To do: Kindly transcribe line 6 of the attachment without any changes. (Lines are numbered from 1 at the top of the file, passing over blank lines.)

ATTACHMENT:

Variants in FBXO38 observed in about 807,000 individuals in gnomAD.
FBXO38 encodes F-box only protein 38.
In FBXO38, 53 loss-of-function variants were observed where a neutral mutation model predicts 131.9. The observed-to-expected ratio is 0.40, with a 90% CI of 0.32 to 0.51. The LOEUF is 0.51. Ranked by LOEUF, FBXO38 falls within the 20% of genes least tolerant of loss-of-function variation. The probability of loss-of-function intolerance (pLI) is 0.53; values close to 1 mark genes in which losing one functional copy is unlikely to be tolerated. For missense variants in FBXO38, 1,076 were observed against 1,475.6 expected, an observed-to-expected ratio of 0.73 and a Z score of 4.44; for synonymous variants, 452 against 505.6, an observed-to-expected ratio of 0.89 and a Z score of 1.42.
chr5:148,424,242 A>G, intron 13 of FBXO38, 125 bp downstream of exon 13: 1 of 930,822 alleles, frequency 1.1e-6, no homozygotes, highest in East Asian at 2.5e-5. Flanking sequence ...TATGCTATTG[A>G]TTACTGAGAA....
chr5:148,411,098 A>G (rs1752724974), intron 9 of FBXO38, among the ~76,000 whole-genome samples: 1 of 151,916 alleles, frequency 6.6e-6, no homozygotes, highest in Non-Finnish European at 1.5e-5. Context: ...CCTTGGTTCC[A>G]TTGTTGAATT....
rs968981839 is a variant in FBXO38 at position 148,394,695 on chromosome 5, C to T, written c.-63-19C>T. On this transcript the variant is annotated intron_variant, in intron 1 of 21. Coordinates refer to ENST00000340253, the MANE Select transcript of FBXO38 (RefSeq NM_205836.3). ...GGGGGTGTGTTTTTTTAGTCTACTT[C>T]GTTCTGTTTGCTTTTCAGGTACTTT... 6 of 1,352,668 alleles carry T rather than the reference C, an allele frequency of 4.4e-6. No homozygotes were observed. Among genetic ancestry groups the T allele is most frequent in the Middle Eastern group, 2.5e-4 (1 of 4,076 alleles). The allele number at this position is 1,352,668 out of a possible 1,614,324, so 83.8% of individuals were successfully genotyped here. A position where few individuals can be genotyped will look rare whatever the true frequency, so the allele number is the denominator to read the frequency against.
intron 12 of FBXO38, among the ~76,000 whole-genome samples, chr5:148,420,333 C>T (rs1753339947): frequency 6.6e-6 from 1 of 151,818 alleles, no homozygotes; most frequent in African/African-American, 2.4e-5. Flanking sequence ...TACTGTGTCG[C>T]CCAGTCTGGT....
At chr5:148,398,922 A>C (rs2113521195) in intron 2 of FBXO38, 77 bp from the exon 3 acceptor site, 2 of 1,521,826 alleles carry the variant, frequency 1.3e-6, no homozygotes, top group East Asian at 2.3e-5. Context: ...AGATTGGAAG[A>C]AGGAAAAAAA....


rs968981839 is a variant in FBXO38 at position 148,394,695 on chromosome 5, C to T, written c.-63-19C>T. On this transcript the variant is annotated intron_variant, in intron 1 of 21. Coordinates refer to ENST00000340253, the MANE Select transcript of FBXO38 (RefSeq NM_205836.3). ...GGGGGTGTGTTTTTTTAGTCTACTT[C>T]GTTCTGTTTGCTTTTCAGGTACTTT... 6 of 1,352,668 alleles carry T rather than the reference C, an allele frequency of 4.4e-6. No homozygotes were observed. Among genetic ancestry groups the T allele is most frequent in the Middle Eastern group, 2.5e-4 (1 of 4,076 alleles). The allele number at this position is 1,352,668 out of a possible 1,614,324, so 83.8% of individuals were successfully genotyped here. A position where few individuals can be genotyped will look rare whatever the true frequency, so the allele number is the denominator to read the frequency against.